Examples of this principle in action:

  • Avoid scheduling every single moment of time with children and youth.

  • Young people are often happy to invite people into the worlds they’re exploring. Take them up on the invitation when it’s offered.

  • Keep a collection of seemingly random kid-friendly toys/objects/supplies and make them available. These are the figurative (and sometimes, literal) building blocks of creativity. Some examples include: Playdoh, stress balls, Lego or building blocks, doodling materials.

 

guideline #4: Consider the diversity of children and youth.

Childhood spans a large range of ages, experiences and developmental stages. When we engage with children and youth, we need to consider the diversity within an age range, and also the infinite diversity amongst children that’s unrelated to age.

Examples of this principle in action:

  • Avoid assuming that all children and youth have the same priorities, interests, or ways of contributing.

  • Create opportunities for young people to help plan and guide their contributions, so that they have a more engaging and customized experience.

  • Offer different ways for young people to contribute. For example, some children may only want to spend 2 minutes with you. How can you best use that time? Some youth may prefer to engage using online or digital tools. How can you reach them through these channels?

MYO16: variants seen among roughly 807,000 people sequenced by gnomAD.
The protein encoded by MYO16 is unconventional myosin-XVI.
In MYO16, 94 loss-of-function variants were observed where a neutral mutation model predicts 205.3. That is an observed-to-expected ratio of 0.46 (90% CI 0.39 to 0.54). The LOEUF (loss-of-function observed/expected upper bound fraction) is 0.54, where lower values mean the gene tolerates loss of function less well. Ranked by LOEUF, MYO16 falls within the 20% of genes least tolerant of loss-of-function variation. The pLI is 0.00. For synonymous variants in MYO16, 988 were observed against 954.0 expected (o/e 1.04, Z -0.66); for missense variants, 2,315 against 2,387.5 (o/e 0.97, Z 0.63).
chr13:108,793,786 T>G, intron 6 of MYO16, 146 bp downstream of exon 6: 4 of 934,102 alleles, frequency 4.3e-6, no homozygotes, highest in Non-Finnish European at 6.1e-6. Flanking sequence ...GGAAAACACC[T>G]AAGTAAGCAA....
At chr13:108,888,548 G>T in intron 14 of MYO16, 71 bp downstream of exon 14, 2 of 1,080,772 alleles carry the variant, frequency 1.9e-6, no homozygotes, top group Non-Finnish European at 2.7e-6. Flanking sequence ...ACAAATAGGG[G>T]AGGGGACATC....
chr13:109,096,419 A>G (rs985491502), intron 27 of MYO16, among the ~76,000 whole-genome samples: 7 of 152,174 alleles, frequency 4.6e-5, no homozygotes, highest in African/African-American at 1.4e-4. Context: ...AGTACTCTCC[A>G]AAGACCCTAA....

• Avoid grouping young people by age for activities. Research shows that young people gain more from experiences when they interact with diverse groups, including groups with a mix of ages. Aim to mix it up as much as possible!

 

guideline #5: Be flexible and trust the process.

Build in time for young people to take the reins. Allow time for tangents and for children and youth to direct the conversation. You may not know what's important to them, and what will be relevant to the final outcome of the work.

Examples of this principle in action:

  • Invite young people to help lead a group activity, and practice patience when it inevitably doesn’t go according to script.

  • When a young person interprets an instruction differently than intended, see where things go.

  • Plan extra time to follow the lead of whatever path children take.

  • Avoid taking control because you want things to get done right or quickly. Trust the process and the people you've brought together. They will make great (and maybe unexpected) things happen.


How to be a good adult ally:

Turn your statements into questions.

Ask questions so youth can work through problems themselves.

Be Yourself.

Don't try to be cool. Authenticity and honesty are the qualities youth respect most in adults.

Check your assumptions.

Challenge any negative assumptions you or other adults have about young people.

Avoid adultism.

"You're so young, you wouldn't know what I'm talking about." "You're so adorable." These comments belittle young people and will isolate them from the discussion.

Create a safe place.

Actively work on creating an environment that is inviting, non-judgemental, and inclusive for all young people.


 
 

Get started with the Toolkit!